MW: We've got a slew of them. This is one of our bigger recruiting classes. We picked up Jordan Gonzalez as an outfielder from LIU Brooklyn. Division I transfer. We're excited to have him. LIU Brooklyn was an NCAA regional tournament qualifier last year. We got outfielder Jordan Huntley from Mount Olive. 1B/OF Edgardo Bernard from Monroe College (JUCO). We've got three Monroe kids, so we were excited to pick those up. IF Carlos Torres, Andy Peña. IF Ozzie Millet was a Marshall transfer that went to Mercer CC in New Jersey. On the mound, we picked up Steven Estep out of South Carolina-Salkehatchie (JUCO), left-hander. We also got Spencer Ambrose from Danville CC. He had 68 strikeouts last year in JUCO; left-hander. We've put together a strong class. Our league, top to bottom, is so tough. Everyone else... I know that Billy at Tennessee Wesleyan went out and reloaded. Clint McAuley at Bryan went out, got a good club... down at Point, they're doing a nice job. The teams in our league that are successful are the ones that on that bump are able to go out there and control people. And that's been our downfall the last four or five years. We just have not been able to establish ourselves on that mound well enough.

BB: When you're recruiting players... other than the facilities you've got here, what are your selling points?

MW: Small college setting, our campus is relatively small. We're not Virginia Tech, we don't have that size. We tell kids that if you're looking for a small college atmosphere, Christian college atmosphere, with a super baseball facility and a chance to get better, this is a good place to come to school. It doesn't fit everyone, and that's one of the things we tell them up front. It might not fit you, and if it doesn't, that's OK, but we're look for a certain type of kid to come in and is looking for a certain type of experience. We want them to be happy, and the big thing I talk to them about in the recruiting process is, don't be afraid to tell us "no". You get an opportunity to be selfish as a recruit right now. Be selfish. Make sure that we fit what you're looking for, as well as we think that you fit what we're looking for. We get great support from our administration; our president is on board with student athletes, and the faculty and staff do a great job with them, it's a true small college setting.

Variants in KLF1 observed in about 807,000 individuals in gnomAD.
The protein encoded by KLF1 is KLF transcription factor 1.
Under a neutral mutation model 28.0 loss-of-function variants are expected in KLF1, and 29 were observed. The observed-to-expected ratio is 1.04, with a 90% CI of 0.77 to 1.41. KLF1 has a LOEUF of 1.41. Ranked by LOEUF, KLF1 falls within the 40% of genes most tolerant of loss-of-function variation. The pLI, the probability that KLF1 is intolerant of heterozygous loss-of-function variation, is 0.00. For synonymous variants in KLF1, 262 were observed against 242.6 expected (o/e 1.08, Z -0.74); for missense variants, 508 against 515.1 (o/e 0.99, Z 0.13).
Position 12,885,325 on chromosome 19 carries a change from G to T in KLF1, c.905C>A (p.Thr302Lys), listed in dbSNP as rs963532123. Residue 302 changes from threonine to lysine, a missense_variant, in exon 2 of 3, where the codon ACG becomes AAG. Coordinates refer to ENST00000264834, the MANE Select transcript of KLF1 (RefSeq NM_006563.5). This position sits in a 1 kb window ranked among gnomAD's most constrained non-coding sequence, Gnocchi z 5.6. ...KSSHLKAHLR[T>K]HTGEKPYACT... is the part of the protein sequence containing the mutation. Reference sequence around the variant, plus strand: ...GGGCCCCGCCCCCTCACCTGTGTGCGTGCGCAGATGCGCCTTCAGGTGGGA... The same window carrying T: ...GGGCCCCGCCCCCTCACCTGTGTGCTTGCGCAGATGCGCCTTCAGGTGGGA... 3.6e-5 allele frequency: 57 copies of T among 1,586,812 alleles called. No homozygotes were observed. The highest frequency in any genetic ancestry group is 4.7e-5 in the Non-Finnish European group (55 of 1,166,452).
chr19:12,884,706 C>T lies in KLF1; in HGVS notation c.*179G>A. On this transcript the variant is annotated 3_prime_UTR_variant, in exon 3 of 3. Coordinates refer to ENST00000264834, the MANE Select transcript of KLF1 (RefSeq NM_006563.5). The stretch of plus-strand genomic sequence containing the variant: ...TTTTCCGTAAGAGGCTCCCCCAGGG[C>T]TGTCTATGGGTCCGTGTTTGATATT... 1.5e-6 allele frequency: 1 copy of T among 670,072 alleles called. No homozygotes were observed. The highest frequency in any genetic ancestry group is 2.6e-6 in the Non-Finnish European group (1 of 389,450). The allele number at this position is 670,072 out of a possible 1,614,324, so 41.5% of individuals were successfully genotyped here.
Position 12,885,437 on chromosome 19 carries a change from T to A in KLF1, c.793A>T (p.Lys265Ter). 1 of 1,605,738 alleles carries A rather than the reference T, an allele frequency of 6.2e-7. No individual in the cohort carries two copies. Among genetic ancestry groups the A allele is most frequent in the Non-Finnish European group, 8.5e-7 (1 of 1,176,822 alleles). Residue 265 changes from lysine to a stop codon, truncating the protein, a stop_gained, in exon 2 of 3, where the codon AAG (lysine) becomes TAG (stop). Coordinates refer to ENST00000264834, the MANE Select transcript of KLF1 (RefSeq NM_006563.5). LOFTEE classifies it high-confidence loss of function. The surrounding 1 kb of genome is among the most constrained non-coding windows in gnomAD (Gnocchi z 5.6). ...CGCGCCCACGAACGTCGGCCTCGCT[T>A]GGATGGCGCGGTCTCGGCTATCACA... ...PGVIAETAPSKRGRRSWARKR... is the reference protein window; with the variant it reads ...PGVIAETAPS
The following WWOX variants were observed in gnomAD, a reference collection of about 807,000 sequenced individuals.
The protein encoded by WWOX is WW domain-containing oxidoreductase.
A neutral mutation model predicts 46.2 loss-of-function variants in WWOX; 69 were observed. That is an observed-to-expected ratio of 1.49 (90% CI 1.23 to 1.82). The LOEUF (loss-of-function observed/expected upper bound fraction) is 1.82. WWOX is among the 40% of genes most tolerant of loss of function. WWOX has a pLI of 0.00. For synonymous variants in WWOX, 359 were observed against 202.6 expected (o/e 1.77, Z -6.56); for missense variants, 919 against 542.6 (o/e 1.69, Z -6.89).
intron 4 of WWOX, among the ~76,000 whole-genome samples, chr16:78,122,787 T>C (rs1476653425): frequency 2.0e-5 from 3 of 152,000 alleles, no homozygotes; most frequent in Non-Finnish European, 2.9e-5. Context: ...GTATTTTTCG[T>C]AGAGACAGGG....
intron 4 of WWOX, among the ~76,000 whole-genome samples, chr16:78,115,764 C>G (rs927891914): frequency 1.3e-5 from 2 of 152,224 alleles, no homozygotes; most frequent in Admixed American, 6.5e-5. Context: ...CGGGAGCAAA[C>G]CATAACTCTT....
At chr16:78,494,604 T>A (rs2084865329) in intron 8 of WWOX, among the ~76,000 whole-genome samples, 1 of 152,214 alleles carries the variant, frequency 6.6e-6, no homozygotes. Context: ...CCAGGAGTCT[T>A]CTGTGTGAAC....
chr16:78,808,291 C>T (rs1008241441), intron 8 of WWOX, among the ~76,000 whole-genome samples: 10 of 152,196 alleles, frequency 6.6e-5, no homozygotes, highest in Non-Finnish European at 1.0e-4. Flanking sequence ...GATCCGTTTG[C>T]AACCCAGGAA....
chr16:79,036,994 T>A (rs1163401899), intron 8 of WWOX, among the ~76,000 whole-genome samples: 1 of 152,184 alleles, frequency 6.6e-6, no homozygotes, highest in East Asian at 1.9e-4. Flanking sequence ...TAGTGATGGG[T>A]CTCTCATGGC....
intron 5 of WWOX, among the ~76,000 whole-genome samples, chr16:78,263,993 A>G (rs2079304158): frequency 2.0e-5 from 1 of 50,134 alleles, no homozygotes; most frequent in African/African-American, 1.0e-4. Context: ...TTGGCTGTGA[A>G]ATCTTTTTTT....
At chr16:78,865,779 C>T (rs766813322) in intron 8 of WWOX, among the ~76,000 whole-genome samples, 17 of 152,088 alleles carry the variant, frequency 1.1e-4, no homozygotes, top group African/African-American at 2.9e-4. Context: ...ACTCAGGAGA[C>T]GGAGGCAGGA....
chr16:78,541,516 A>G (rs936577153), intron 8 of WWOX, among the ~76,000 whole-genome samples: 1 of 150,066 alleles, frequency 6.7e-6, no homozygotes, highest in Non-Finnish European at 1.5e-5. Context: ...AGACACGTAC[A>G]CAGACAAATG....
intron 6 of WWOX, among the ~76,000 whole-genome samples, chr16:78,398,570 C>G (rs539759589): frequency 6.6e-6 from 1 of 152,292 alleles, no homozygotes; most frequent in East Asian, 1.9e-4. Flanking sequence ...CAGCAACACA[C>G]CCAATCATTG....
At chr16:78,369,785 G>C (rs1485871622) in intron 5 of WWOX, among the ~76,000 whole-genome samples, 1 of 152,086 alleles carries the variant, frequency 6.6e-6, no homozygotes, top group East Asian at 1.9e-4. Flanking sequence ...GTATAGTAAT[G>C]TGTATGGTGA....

BB: Let's talk about the school a little bit. I remember when Bluefield was a JUCO, and you went to four years in 1975. Academically, what are Bluefield's strong majors?

MW: From an athletic standpoint, it's sports management and criminal justice. They're the two big ones. Business is also right up there, as one of our more important majors, and we just signed on... we do a thing now at Virginia Tech, with a match program for the medical school. The students will sign on with us for a year, then get into the new osteopathic school at Virginia Tech. So, we're growing and reaching out that way. But from an athletic standpoint, it seems like more of them gravitate toward criminal justice or sports management or sports medicine.

It's been good. When I came here 14 years ago, kind of like every other coach that had been here at that point in time, was going to stay here a little while, build a resumé, and bounce on out to someplace else, and the next thing you know, 14 years later, here you are.

Bluefield College Rams official site

Last modified on Tuesday, October 09 2018 09:56


Bob Broughton started going to British Columbia home games in 2001, and was favorably impressed with the caliber of play. This led to annual trips to the NAIA Baseball National Championship in Lewiston, ID, a nine-hour drive from Vancouver. He retired in Guanajuato, Mexico in 2012.